Overseas students get British degrees in the comfort of their own homeMar 24th, 2009 | By meliha | Category: Features, Meliha
Overseas students who are cannot afford to study in the UK are still able to benefit from British universities who are exporting their sought-after degrees to hundreds of thousands of overseas students.
According to new figures released from the Higher Education Statistics Agency (Hesa) nearly 200,000 offshore students studied for qualifications from 112 British universities last year, earning the sector more than £268m in fees.
British universities have long relied on the roughly £2.5bn that overseas students bring when they come to the UK to study, but the new figures reveal for the first time the extent to which students are taking UK higher education qualifications overseas.
With student numbers at home restricted by the government, many British universities are looking to expand their offshore operations to reach a potentially enormous market of students seeking the prestige of a UK degree but without the means to travel abroad.
Liverpool University has set up an alliance with Xian Jiaotong, in China, that awards its degrees. Kalvin Everest, director of academic affairs, said: “The UK system is small in global terms, with very high quality teaching and research. Lots of students will want to come to the UK, but we need to take what we offer to other countries as well. There’s an incredible undersupply of providers given the demand out there in the world.”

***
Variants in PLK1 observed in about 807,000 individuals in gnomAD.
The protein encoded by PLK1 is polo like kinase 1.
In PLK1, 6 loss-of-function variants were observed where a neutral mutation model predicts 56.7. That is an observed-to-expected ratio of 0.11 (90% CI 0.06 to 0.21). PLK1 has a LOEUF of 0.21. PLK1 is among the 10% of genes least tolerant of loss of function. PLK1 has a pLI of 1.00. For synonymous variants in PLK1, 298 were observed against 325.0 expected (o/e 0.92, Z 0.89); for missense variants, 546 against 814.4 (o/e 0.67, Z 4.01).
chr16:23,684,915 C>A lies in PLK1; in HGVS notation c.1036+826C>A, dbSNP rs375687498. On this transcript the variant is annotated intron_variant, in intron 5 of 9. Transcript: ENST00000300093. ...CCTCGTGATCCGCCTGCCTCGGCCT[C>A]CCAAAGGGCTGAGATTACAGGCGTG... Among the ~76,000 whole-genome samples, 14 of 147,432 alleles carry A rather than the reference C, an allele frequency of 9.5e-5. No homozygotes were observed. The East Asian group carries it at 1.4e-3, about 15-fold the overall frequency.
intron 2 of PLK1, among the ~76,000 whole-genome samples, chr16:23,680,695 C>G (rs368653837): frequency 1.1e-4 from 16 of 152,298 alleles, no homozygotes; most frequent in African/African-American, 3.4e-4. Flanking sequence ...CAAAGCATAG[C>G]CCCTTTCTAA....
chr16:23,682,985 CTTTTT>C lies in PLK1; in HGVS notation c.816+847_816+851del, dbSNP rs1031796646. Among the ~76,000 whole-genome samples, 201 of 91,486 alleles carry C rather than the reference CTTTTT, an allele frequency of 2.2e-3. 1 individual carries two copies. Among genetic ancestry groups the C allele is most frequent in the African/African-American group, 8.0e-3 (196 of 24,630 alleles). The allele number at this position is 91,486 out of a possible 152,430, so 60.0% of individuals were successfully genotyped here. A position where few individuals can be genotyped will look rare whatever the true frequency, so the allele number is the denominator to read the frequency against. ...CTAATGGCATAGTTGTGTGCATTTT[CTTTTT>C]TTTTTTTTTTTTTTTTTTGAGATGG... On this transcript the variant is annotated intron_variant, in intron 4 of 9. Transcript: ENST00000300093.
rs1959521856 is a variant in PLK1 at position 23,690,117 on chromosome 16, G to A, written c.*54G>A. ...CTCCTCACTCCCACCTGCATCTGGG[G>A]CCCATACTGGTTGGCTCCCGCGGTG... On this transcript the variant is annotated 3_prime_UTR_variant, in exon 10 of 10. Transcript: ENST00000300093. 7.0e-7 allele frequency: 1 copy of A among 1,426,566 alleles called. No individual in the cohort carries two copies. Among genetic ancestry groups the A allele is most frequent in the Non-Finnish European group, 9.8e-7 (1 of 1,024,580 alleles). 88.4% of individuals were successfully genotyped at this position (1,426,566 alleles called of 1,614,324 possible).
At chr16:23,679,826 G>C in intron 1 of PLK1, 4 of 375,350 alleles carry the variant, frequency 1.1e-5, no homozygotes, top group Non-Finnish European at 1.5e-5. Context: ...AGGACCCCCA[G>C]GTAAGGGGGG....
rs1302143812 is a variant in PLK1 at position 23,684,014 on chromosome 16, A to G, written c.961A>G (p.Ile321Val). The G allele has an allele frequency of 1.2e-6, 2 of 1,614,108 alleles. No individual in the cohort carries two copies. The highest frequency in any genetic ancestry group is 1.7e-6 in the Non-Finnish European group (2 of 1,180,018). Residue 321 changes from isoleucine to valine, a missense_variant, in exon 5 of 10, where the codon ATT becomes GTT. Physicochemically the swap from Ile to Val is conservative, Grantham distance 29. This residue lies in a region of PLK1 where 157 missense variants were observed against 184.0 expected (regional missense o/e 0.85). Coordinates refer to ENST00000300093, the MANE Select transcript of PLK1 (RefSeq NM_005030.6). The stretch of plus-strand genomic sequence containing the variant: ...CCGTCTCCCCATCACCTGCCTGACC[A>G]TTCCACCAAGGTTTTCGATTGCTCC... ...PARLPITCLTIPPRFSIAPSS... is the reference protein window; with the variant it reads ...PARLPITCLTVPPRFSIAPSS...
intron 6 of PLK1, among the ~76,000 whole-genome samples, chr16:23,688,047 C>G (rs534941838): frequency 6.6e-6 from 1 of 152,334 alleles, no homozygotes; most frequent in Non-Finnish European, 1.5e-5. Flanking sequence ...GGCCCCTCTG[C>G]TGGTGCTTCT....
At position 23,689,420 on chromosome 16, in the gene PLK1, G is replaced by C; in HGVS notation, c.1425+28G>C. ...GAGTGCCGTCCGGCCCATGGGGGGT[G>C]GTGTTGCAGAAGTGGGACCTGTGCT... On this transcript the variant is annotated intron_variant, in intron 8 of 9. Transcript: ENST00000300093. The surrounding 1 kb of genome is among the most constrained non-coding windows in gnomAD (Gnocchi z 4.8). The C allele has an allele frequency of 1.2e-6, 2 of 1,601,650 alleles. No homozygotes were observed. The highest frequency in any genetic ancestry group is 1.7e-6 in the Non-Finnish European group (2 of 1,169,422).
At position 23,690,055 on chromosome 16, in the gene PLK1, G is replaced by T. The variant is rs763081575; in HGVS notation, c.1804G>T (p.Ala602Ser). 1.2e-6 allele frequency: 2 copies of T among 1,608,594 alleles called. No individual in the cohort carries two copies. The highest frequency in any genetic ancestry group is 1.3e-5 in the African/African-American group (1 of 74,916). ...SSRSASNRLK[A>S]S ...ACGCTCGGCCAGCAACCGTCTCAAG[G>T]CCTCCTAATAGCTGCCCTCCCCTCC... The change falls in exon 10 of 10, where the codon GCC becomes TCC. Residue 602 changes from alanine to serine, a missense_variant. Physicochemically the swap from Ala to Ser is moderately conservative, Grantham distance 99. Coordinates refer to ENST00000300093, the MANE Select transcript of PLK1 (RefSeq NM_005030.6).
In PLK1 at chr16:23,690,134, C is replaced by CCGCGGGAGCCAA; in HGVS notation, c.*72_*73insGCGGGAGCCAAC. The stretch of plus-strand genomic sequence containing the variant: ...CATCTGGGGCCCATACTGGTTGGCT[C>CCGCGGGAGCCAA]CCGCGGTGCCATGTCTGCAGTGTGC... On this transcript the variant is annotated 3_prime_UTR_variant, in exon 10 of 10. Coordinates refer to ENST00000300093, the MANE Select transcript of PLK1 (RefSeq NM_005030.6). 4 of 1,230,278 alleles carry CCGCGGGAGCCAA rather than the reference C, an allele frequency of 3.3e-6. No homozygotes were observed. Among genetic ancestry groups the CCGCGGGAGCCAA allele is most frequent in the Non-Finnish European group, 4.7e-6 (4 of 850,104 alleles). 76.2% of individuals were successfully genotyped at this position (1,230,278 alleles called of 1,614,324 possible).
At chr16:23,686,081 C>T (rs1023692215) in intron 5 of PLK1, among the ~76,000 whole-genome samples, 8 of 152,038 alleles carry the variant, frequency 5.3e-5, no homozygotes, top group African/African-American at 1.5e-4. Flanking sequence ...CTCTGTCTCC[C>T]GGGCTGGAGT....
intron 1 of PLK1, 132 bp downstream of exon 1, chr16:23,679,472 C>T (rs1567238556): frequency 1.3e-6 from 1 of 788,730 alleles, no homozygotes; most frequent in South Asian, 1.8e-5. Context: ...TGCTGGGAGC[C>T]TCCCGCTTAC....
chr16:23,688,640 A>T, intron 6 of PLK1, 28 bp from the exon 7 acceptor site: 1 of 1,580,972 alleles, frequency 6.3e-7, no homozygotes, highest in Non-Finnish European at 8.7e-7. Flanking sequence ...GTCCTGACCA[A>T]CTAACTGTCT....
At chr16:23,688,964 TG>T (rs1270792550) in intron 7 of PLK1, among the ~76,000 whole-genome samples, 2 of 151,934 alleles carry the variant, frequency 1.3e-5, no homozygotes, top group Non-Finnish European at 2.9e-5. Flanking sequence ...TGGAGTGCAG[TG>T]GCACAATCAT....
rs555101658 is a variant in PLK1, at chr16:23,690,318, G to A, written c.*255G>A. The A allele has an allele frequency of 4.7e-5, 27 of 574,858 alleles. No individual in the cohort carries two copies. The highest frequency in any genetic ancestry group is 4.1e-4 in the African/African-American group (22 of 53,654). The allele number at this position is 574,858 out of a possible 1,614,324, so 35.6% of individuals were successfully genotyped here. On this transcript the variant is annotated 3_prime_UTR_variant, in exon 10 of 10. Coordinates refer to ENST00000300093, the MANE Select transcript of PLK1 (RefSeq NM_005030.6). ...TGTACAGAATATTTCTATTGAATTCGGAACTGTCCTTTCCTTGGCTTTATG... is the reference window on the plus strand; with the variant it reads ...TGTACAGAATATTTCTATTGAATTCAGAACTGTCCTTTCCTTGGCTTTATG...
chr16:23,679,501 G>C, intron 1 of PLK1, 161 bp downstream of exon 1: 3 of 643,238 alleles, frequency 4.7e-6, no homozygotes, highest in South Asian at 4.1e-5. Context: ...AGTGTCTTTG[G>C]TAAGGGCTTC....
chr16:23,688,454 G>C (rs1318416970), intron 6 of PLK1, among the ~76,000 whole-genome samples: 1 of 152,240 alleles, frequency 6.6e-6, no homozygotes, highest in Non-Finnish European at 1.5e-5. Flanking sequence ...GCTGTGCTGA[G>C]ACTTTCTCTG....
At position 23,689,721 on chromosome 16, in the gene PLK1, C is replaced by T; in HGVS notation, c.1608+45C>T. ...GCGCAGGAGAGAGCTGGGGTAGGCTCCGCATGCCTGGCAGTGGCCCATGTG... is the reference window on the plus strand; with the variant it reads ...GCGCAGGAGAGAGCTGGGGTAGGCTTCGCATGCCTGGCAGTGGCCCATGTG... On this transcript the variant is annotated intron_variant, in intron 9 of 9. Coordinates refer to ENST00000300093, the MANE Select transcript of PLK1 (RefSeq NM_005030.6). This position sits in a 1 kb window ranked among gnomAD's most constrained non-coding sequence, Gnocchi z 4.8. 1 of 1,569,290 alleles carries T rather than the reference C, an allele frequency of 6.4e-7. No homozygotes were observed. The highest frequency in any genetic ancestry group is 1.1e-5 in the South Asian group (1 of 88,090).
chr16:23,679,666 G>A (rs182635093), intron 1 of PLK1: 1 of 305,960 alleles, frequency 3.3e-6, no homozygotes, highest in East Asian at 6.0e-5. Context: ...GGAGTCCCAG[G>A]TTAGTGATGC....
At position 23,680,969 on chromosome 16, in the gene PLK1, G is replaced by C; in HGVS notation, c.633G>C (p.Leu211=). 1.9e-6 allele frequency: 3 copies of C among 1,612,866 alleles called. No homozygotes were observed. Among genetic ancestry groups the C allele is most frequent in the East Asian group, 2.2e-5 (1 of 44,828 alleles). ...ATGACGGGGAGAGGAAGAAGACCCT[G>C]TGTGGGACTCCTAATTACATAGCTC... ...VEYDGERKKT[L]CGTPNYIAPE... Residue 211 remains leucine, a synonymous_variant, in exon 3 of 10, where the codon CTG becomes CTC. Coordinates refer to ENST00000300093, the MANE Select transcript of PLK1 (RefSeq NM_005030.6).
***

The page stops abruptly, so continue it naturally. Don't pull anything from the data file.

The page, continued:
The University of London and the Open University have the longest established distance learning courses, and educate the bulk of offshore students – 63,140 of the 166,000 doing English university courses.
The 2007-08 figures show that more than half of offshore students were on distance learning courses (100,360), while 7,090 were at overseas campuses run by British universities. Most of the remaining 89,190 students were studying for qualifications offered by UK institutions in collaboration with foreign partners.
The majority studied undergraduate courses, with just under a third taking postgraduate qualifications.
Between 8,000 and 10,000 students studied for UK qualifications in Greece, Russia, Ireland and Trinidad and Tobago. Four countries – Hong Kong (21,280 students), Singapore (20,845), Malaysia (20,525) and China (10,450) – accounted for 37% of offshore provision between them. This compares with the 45,355 Chinese students and 25,905 Indian students that came to the UK to study in 2007-08.
The British Council estimated that the UK made £500 per student from twinning arrangements, joint programmes and franchises in 2003-04, compared with £2,706 from programmes on overseas campuses and £2,040 for distance-learning programmes.
This raises the question of whether or not the government is focusing its energies on offshore income made by students, whilst neglecting many promising students in the UK an opportunity to further their education.